First, thanks a lot for the reply - comments posted below.
> The problem spreads across all socioeconomic boundaries. You are correct
> that the children seem the same as our memories of childhood but the
> difference is they spend a large percentage of their time watching and being
> marketed to. Remember when we were kids most programming was for adults.
> Because of that children would find other ways to occupy themselves also TV
> did not run twenty-four seven.
> It is my belief that children who do not have parents that do not concern
> themselves with their children future well being are the most likely to
> watch excessively. It does take some thought and or commitment for a parent
> to turn of the tube and send the kids out or find a way to occupy them.
oh yea, I couldn't agree more. I am very much of the opinion that
to be involved VERY deeply in the daily and hourly activities of their children.
It is also often that I hear from parents (not in Tucson, AZ strangely, but
always in Boston) that parents don't have the time to monitor their children
that way, and use this as excuse for letting television be the baby-sitter. In
Tucson though, In the four or five families that I am close to, all of them have
changed their schedules, or even left their jobs so that the children would
always be with a parent. At first I thought that it might be due to monetary
needs, but Tucson is maybe 30% less expensive and pays perhaps 50% less than
Boston. I think then it may be related to speed of life for the parents, but I
honestly don't know.
> Down the end of the street I live on is a little girl who comes from a "very
> nice family" they are concerned with their children. But the kid talks like
> she is reading script from a sitcom. And she knows her part well because the
> same compliance techniques the kids use on their parents on television are
> brought to use by this child who is nine. And they work because mom and dad
> have become conditioned. She does not come to my house any longer because my
> daughter likes the outdoors and finds flowers and fauna infinitely
> interesting. She also knows that mom and dad are not mindless idiots like
> they are portrayed on the tube. And she recognizes the problems in the way
> her friends are treated or allowed to behave. She told her "friend" that we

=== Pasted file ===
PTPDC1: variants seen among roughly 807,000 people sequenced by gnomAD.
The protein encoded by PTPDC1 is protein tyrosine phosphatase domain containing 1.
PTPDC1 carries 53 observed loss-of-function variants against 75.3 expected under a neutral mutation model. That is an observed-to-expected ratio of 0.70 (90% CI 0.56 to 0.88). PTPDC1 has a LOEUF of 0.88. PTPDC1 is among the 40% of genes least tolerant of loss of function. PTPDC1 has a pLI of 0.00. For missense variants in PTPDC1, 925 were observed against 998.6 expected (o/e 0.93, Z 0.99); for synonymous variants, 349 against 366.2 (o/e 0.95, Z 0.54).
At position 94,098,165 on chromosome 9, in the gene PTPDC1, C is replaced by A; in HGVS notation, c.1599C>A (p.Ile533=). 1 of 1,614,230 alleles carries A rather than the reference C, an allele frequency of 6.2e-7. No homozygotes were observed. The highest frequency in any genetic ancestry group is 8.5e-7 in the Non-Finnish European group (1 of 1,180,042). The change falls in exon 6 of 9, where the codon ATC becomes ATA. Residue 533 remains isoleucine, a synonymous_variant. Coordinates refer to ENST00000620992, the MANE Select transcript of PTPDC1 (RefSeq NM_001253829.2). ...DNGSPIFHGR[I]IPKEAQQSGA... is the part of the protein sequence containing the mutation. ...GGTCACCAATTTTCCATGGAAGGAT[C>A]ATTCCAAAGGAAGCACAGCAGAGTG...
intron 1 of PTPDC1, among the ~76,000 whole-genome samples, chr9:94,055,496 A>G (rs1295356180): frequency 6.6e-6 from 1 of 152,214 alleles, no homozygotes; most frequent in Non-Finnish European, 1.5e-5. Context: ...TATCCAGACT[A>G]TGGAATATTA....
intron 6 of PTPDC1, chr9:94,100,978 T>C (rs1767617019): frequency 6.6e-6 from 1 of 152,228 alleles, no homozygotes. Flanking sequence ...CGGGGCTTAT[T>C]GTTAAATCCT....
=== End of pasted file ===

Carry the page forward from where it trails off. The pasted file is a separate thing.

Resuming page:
> do not lie at my house and we do not behave the way you do and I will not
> play with you cannot act properly. She was referring to the child's attempt
> at using television sanctioned compliance techniques.
Wow, your daughter definitely handled it right. That really is a tragedy
child can be made into a walking television memeplex, with parents in the
supporting role - it should be criminal.
> Children and our whole population are becoming increasingly sedentary.
> Children are maturing earlier I believe because of this and I believe that
> when some one gets around to asking the questions these children will be
> identified as being over weight and watching allot of television. And that
> the early maturation is brought on by a build up of hormones in their
> excessive fat. Just my thought.
The swing is toward a more sedentary lifestyle I agree, I don't know if
bad or good. A part of me thinks this is a real shame, but another part sees it
an aspect of our advancement toward a a more technological society. Of course,
sitting in front of the tube being force-fed info - good and bad is not my ideal
society, but if this swing to sedentary was due to computer use, even games, or
graphics or music. If the mind is focusing and learning, then I am willing to
make a gentle shift to a more sedentary lifestyle - as a culture. If it is
simply capitalism taking advantage of the weak - then I take exception.
> Bill, I believe that what the kids that see my work like is that I am a
> funny smart adult who can interact with them. My daughter when she was about
> three and a half saw a preview for Robin William's in Pan. She looked at me
> closely as only a small child can and said.
> Katie:That's not the real Peter Pan.
> Jim: It isn't ?
> Katie: Nope.
> Jim: Well who is then?
> Katie: (moves in very close nose to nose with Jim looking deep into my eyes)
> You are. ( Moves back slightly and touches Jim's nose)
> This is one of my fondest memories of the exchanges we have had through the
It would have been one of mine too - good work Dad Jim.
> But it is how many people perceive me adults included. I present the
> possibilities of what is possible if one is willing to make a commitment to
> live the life they chose. Not the one designed and marketed by the media.
> And also magic is more of an adult entertainment. Children live in the state
> of wonder and excitement that a magic performance can bring about for an
> adult. Of course children find it entertaining but are not as interested
Great post Jim, and thanks for the perspective.